Jack London: The Paths Men Take. By  Jack London. Contrasto, 2016.

I should be clear that The Paths Men Take is not a standard photography monograph. Those seeking such a book should instead seek out Jack London, Photographer, published in 2010 by the University of Georgia Press, which, oddly enough, follows the same four adventures, London, Japan, San Francisco, and Pacific Island. But the emphasis, size, and production quality are geared toward photography. In contrast, The Paths Men Take is a multidisciplinary mutt, following the spirit of its subtitle, "photographs, journals and reportages". The meat of the book is a written travelogue, and this is generously supplemented with images — roughly seventy in all. But they are not the primary focus. The book is structured as an illustrated diary, not a sequence of images.

The book's character comes through strongly in its proportions and production quality. It is trade sized, roughly 9 x 6 inches, a volume generally better suited for writing than photographs. The production quality is also geared toward writing. The text looks great. But when printed to the same standard on rough matte paper, the accompanying photographs appear washed out, muddy, cramped, and generally unhappy. The irony is that, just as in London's lifetime, his photographs are overshadowed here by his writing. That is good news, because London wrote beautifully. He's a true pleasure to read.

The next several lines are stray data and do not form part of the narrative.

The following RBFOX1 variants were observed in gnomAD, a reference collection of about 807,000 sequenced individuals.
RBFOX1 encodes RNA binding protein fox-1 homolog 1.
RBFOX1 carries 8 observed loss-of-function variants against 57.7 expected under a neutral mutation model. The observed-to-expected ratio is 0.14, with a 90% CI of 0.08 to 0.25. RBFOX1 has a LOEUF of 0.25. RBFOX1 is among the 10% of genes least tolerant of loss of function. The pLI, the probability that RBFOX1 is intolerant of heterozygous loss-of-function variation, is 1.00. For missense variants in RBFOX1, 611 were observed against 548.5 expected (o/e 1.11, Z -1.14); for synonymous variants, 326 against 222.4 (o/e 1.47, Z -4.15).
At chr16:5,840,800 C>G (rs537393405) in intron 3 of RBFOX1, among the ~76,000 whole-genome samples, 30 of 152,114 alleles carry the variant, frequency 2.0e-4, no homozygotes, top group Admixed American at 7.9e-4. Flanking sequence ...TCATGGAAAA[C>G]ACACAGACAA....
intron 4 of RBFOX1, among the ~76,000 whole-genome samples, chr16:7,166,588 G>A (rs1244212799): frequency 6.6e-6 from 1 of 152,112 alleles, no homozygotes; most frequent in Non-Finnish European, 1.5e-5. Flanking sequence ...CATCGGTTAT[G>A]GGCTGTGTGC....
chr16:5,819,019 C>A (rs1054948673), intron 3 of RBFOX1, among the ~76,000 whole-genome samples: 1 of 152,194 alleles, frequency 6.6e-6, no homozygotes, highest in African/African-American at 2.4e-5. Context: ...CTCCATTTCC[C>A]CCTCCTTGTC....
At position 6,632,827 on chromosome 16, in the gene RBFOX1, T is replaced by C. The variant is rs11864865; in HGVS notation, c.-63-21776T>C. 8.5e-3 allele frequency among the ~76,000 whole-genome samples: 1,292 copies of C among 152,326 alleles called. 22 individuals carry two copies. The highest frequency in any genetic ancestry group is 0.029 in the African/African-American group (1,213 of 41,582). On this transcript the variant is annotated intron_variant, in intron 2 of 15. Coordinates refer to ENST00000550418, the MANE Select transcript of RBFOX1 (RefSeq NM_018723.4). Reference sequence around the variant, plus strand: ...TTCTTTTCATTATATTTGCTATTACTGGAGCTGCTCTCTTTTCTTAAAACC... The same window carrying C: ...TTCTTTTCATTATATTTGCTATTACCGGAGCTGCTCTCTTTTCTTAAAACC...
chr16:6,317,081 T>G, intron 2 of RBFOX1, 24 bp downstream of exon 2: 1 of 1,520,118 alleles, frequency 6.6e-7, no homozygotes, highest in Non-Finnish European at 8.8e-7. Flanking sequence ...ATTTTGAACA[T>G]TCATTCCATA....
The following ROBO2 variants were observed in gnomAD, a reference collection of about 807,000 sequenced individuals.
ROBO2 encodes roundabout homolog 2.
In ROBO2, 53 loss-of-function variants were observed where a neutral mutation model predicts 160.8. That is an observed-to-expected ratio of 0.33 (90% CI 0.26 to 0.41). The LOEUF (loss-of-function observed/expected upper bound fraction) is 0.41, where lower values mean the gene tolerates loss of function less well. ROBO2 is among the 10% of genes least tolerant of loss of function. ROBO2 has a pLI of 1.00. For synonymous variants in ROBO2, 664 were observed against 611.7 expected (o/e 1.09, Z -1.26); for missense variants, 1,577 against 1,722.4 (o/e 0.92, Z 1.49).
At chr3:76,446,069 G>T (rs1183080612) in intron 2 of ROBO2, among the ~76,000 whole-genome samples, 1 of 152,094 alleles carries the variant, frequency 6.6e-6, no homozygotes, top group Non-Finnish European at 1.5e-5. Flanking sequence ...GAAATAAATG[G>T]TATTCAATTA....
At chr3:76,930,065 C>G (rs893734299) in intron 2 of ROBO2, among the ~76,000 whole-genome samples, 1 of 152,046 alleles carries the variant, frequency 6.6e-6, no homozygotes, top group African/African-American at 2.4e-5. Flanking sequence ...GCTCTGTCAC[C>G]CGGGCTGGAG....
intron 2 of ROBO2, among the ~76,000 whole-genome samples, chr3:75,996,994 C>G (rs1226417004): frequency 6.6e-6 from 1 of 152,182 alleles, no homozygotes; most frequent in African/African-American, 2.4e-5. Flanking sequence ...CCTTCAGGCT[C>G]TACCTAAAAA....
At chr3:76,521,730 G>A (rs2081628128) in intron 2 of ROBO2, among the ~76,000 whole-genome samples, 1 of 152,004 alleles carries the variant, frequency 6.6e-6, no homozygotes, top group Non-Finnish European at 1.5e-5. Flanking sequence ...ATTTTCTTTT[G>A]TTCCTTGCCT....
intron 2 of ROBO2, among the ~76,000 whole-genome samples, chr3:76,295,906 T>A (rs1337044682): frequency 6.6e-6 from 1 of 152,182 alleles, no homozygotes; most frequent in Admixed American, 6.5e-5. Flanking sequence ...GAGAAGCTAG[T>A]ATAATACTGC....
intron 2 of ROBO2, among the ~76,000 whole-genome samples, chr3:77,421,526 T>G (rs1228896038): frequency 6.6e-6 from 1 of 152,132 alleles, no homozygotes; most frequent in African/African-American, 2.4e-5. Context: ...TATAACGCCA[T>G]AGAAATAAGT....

Jack London: The Paths Men Take. By  Jack London. Contrasto, 2016.

But we already knew that. How is Jack London the photographer? In a word: Competent. With a reporter's instinct for stories, London was on the scene with his Kodak Brownie. He was opportunistic at gaining access and effective at conveying reality. He usually knew where to stand, he was curious about people, and he got the job done. His photographs of the San Francisco earthquake and turn of the century Korea, for example, effectively document strange, distant worlds. Their historical importance and exoticism make them naturally fascinating. Yet one can't help wondering if any reporter there with a camera might have made similar photos. His portraits are intimate and unflinching. But beyond the subject matter, his photography style was not particularly inspired. Without London's name attached, most would not stand alone as creative works.